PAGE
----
Tuesday, December 15, 2009

Roads and retrospective rose-tinted reveries

All the media hype about alcohol inevitably leads to discussion on radio. Yesterday there talk about young people drinking and driving and a suggestion that it didn't happen "when I was young". That there are too many funerals of young people. One caller said that they attended 5 such funerals. I had Robert in the car with me listening and was telling him the opposite. When I was young, drinking and driving was far more routine.

Now it could be that the people talking about "when they were young" are much older than me but I don't get that sense. There are a lot of middle-aged folk who have forgotten that their generation drank just as much, smoked far more and did drugs, some the same and some different. Media coverage is probably responsible for creating an impression that the youth of today are causing far more mayhem and loss of life on the roads. But that simply isn't true.

Anyway I promised to show him the statistics.


(The injury rate from crashes with driver alcohol/drugs as a factor, pretty much mirrors fatalities.)

The next graph shows the total road toll from 1960 to 1992.

Clearly there is quite a lengthy history of it being much higher than it is today. I do not have matching statistics for specific crashes with alcohol as a factor but can tell you that in 1973, the peak year, the yearbook has a breakdown for the 'nature of accident' but alcohol isn't even mentioned. That isn't because people didn't drink. It's because there wasn't an official acknowledgement of or focus on the link between drinking and driving.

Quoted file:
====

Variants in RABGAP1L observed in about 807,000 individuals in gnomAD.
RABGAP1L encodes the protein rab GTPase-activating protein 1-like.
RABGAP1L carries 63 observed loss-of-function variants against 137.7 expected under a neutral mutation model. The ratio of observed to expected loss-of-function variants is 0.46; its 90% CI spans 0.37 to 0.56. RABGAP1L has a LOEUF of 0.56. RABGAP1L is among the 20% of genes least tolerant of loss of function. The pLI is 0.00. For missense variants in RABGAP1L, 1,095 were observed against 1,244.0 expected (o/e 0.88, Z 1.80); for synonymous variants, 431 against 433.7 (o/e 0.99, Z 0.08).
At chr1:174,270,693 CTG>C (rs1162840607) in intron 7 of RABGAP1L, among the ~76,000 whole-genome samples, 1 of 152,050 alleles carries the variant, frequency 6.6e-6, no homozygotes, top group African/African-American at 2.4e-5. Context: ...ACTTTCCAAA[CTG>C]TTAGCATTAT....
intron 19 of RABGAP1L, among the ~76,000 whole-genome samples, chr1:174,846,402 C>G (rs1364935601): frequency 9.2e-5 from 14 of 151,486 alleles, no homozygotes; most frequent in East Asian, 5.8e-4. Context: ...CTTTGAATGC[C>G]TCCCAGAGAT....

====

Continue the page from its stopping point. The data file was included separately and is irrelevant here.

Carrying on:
4 comments:

wino said...

My father used to tell of how he and his mates used to get a rental car to go country pub crawling when he was in his early 20s as they didn't want to dent their own cars! He's be 75 if still alive so not much over 50 years ago drink driving was obviously quite acceptable.
Was also told a story about a pub crawl, a rolled car and a paddock full of bulls at his funeral...

He would never have dreamed of drinking and driving in later years.

Shane Pleasance said...

Do the statistics take into account changes in levels of car ownership, Lindsay?

Lindsay said...

Shane, No. If the rate of fatal crashes per 100,000 vehicles was calculated and plotted the decline would be steeper.

In 1973 the number of persons killed per 10,000 vehicles was 5.5

By 2008 it had dropped to 1.1 deaths per 10,000 vehicles

Source 1973 Yearbook p 321

http://www.transport.govt.nz/research/MotorVehicleCrashesinNewZealand2008/

For injuries the respective rates were 173.9 and 47.

And to be thorough, the rate of death per 100,000 population in 1973 was 23.7 and in 2008, 8.6

So driving is much safer than it used to be.

JC said...

What people forget is the enormous change in the median age over time. Back in the 60s and 70s the median age was low to mid 20s.. now its 37 and rising fast.

Families averaged over 3 kids per woman compared to less than two now, so we had a hell of a lot of young adults who set the culture of the time.

We forget that drunks were a common sight on the streets, people boiled out of the pubs fighting drunk at 6pm and most drove home or on to parties drunk in charge of old jalopies, workmen were paid cash on a Thursday every fortnight and went immediately to the pub and they drove to work still drunk and hungover next morning.. and no-one raised a fuss.

Civilised drinking hours, warrant of fitness checks, better cars and the aging of that young cohort has changed the way we behave and with it a steadily rising number of police per 10,000 citizens to make the streets and roads safer for the huge increase in tourists.

And although we are behind much of the rest of the 1st world our roads have improved and become safer.. thats been a big part of a lower road toll as well.

JC